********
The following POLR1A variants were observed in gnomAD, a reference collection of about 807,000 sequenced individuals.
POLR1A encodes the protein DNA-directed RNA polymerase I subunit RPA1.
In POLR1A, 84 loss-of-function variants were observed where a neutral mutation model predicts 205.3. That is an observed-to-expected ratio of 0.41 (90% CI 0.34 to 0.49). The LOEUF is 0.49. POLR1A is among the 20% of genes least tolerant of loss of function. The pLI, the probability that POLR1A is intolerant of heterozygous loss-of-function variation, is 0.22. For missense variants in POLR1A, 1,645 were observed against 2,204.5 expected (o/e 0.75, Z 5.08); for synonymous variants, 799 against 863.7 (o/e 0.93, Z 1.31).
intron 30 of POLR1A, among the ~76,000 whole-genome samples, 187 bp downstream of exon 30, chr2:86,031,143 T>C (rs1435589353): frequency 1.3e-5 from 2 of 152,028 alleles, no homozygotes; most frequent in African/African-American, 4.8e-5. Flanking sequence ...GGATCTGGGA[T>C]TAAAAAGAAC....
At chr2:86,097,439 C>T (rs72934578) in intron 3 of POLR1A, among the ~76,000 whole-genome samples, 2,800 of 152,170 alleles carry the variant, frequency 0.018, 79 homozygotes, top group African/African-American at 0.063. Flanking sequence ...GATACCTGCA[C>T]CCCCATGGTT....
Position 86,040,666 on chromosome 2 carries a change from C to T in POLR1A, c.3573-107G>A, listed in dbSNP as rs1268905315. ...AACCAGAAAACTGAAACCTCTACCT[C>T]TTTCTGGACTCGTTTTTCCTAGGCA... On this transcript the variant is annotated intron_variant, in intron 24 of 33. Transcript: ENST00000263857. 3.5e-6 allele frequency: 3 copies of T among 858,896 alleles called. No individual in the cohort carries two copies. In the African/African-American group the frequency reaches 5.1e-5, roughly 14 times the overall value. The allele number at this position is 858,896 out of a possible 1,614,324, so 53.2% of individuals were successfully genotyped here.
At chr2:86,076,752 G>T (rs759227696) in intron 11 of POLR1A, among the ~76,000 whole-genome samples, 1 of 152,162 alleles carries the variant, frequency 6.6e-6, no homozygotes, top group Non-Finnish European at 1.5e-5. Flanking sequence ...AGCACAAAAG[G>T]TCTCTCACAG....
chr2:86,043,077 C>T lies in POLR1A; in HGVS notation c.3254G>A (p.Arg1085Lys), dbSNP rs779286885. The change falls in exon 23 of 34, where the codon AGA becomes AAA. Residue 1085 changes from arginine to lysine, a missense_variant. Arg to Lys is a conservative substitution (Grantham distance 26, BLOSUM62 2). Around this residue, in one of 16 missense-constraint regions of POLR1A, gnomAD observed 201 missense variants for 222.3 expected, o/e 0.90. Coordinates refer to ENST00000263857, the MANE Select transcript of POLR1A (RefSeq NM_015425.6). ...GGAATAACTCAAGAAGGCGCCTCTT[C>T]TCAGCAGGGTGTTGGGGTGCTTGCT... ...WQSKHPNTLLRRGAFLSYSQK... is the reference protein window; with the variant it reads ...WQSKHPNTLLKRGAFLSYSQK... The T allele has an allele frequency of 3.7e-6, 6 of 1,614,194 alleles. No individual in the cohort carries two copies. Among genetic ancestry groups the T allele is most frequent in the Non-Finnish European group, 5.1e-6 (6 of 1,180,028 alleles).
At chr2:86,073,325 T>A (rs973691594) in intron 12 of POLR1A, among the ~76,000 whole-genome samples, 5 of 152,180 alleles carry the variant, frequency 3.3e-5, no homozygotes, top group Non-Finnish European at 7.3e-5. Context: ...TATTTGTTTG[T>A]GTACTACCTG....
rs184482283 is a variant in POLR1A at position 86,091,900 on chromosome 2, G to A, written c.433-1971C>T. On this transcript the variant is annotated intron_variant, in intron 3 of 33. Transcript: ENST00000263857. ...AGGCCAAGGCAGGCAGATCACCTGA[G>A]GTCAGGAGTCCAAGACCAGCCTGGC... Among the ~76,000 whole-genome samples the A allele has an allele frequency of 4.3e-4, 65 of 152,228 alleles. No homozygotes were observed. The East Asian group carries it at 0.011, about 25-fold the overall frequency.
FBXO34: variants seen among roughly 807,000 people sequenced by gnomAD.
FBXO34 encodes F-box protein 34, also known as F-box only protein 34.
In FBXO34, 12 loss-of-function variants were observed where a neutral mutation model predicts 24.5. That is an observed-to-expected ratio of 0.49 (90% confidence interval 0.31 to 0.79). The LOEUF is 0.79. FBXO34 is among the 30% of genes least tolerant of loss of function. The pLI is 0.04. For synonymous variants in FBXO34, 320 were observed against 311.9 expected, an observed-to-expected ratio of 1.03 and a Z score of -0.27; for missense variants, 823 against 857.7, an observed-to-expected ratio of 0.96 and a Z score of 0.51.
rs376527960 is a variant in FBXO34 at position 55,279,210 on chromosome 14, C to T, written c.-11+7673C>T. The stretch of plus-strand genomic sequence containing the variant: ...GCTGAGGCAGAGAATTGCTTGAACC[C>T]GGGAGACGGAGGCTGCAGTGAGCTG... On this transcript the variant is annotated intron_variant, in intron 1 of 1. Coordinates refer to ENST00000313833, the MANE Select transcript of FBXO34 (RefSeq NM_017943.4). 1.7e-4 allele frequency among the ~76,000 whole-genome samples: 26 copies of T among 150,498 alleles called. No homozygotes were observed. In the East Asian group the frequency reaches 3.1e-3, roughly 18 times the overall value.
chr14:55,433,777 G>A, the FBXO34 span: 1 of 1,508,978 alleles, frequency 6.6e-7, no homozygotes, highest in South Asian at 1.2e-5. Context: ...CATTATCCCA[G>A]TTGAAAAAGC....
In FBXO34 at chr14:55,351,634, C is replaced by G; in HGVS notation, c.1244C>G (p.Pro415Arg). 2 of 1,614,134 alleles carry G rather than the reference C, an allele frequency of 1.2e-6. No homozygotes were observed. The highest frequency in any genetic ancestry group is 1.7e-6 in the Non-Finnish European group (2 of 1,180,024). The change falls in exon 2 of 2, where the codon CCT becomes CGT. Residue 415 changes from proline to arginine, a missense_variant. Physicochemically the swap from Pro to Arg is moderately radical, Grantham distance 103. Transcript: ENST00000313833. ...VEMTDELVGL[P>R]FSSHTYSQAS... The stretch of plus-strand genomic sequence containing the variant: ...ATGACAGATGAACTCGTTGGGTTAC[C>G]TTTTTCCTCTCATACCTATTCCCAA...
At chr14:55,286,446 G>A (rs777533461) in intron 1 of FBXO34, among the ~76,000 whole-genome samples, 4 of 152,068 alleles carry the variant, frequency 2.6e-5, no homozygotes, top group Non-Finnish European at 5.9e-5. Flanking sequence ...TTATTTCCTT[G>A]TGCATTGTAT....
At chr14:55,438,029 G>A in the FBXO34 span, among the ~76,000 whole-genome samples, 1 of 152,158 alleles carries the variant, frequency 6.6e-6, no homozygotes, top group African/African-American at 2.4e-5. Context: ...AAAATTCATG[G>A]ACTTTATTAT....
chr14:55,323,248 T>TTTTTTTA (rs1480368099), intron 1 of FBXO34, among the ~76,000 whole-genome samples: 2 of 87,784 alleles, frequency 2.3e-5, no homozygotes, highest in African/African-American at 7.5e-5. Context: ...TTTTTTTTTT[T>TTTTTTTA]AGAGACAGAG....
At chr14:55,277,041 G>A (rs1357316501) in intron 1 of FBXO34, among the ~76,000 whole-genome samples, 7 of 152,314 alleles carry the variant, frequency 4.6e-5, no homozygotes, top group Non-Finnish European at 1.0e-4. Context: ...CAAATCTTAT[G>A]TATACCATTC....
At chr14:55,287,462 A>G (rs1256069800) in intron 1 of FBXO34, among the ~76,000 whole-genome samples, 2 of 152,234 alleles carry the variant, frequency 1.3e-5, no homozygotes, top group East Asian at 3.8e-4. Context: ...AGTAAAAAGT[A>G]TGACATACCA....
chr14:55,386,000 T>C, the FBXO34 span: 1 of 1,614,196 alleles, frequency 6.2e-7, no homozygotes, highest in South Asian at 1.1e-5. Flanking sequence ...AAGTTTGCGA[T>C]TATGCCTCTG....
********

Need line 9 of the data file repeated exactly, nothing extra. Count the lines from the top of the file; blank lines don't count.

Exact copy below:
At chr2:86,073,325 T>A (rs973691594) in intron 12 of POLR1A, among the ~76,000 whole-genome samples, 5 of 152,180 alleles carry the variant, frequency 3.3e-5, no homozygotes, top group Non-Finnish European at 7.3e-5. Context: ...TATTTGTTTG[T>A]GTACTACCTG....